United Kingdom insurance company Admiral had planned to roll out its firstcarquote offering today.
The company will analyze the personality traits of first-time vehicle owners as to how they follow safe driving rules and their awareness to road safety through their Facebook accounts and their posts, comments.
For example, an entry that invited friends to meet up and included a specific time and location suggested a more organised individual who might therefore be less of a risk as a driver. Privacy groups have long warned about the potential for information shared on the social network to be misused, and now an insurance company is planning to make use of the status updates customers post to determine the type of drivers they are.
The voluntary service wouldn't have increased premiums, however. "If we find people aren't sharing their data, then we won't ever get to consider expanding firstcarquote".
He added: "Whether intentional or not, algorithms could perpetuate social biases that are based on race, gender, religion or sexuality". "Ultimately, this could change how people use social media, encouraging self-censorship in anticipation of future decisions", says ORG executive director Jim Killock.
"Young people may feel pushed into such schemes because of financial constraints", he said.
The pilot, which was due to launch today but has been delayed while Admiral addresses what it describes as "a few outstanding issues".
A spokesperson for Facebook said: "Protecting the privacy of the people on Facebook is of utmost importance to us". Facebook accounts will only be used for login and verification purposes.
There is also a case to be made that Admiral's efforts are legitimate while Facebook's decision to effectively strangle the service is self-serving, and a sign that the company does not so much wish to protect its users as to protect its exclusive access to the valuable information it receives from them. Admiral says it will only inspect Facebook posts, not photos, and correlate the personality profile against claims data to see if it is able to offer a lower insurance premium.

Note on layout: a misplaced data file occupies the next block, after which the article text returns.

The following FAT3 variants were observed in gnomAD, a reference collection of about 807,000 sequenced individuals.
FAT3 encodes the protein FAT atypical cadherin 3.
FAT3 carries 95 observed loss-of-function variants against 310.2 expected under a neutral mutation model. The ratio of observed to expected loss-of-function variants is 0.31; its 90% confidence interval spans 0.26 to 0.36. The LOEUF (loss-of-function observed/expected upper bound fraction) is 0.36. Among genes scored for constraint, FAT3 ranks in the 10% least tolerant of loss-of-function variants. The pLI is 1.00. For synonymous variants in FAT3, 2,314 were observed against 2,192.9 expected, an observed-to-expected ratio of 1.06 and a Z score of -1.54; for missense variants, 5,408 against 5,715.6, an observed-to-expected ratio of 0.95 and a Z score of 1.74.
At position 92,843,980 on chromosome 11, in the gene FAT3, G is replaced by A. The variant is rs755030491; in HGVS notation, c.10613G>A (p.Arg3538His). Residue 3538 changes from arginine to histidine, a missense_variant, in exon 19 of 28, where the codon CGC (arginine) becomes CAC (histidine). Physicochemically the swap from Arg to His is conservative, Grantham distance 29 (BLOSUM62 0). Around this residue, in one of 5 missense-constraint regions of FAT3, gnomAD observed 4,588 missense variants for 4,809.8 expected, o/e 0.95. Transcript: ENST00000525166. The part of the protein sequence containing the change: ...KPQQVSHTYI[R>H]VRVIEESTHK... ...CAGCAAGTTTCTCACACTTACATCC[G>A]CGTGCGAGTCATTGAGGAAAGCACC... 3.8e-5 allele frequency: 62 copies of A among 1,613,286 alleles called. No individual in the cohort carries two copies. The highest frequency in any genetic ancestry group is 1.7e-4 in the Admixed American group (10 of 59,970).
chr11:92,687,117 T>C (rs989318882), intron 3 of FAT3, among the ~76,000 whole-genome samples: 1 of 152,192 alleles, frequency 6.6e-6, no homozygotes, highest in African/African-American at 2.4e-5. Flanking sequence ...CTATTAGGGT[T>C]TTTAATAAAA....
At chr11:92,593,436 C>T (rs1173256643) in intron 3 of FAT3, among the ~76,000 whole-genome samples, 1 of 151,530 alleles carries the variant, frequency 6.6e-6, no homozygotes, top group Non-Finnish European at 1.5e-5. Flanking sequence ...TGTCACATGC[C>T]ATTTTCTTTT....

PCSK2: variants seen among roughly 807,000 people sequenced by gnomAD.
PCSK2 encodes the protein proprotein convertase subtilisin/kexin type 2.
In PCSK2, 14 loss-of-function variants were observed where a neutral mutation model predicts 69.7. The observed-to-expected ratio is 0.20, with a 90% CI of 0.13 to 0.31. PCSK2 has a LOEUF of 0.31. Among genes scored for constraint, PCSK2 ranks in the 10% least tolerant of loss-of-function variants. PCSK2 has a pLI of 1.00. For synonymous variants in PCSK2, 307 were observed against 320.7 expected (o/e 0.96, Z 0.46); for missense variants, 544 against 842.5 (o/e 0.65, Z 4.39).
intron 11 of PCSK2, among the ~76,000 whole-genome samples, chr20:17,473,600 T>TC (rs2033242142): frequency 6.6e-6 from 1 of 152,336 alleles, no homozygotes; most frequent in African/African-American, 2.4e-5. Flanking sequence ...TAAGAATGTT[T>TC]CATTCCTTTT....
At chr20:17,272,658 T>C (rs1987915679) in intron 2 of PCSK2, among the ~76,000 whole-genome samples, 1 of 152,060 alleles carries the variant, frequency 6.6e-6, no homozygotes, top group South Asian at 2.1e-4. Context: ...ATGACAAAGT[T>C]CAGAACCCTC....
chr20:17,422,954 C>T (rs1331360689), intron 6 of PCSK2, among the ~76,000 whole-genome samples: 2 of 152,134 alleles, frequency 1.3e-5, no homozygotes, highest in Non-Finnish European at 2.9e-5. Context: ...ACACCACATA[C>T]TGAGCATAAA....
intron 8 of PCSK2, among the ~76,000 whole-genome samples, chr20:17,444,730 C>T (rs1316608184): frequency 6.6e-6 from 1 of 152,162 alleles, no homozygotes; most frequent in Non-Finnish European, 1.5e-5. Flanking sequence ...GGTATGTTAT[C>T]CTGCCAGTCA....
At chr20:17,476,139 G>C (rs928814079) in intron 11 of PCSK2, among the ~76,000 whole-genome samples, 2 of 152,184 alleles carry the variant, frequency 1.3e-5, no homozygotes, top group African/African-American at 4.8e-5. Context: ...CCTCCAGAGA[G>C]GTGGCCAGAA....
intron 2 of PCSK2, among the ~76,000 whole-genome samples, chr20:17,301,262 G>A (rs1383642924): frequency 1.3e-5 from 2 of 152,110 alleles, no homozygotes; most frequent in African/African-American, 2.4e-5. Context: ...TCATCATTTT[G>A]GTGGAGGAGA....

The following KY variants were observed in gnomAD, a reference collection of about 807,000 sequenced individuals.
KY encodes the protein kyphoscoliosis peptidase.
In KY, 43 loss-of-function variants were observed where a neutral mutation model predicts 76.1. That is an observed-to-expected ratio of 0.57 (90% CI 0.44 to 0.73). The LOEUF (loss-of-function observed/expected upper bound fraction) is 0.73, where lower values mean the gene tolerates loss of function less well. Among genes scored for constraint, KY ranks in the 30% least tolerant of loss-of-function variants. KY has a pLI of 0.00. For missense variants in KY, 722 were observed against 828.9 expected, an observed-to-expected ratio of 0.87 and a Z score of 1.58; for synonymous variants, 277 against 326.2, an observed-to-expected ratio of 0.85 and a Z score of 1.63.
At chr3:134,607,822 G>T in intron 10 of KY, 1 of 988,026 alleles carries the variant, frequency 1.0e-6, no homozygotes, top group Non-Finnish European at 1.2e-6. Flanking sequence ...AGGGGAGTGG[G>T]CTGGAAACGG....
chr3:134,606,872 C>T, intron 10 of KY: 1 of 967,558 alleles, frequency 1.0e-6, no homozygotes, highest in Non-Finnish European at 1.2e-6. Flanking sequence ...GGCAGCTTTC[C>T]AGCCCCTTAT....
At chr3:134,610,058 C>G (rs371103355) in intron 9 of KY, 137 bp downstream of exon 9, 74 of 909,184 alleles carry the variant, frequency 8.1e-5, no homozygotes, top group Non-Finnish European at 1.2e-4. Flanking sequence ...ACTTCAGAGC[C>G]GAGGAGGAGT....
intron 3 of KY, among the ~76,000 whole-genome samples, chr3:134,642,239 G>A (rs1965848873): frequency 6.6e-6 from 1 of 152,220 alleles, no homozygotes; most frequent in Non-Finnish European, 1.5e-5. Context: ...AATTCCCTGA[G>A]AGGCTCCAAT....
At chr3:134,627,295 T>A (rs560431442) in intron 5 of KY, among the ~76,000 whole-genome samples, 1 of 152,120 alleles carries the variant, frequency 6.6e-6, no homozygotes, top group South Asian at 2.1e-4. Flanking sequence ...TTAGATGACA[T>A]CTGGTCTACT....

Instead, Admiral will now have to ask users of the app to answer a series of questions that will assess their eligibility for a discount instead.
"The technology uses social data personality assessments, matched to real claims data, to better understand first-time drivers and more accurately predict risk", said the firm.
"Following discussions with Facebook, the product is launching with reduced functionality, allowing first-time drivers to login using Facebook and share some information to secure a faster, simpler and discounted quote", an Admiral spokesperson told the Guardian. It has been interpreted as a demonstration of power from a company that itself is regularly criticised for its approach to user privacy.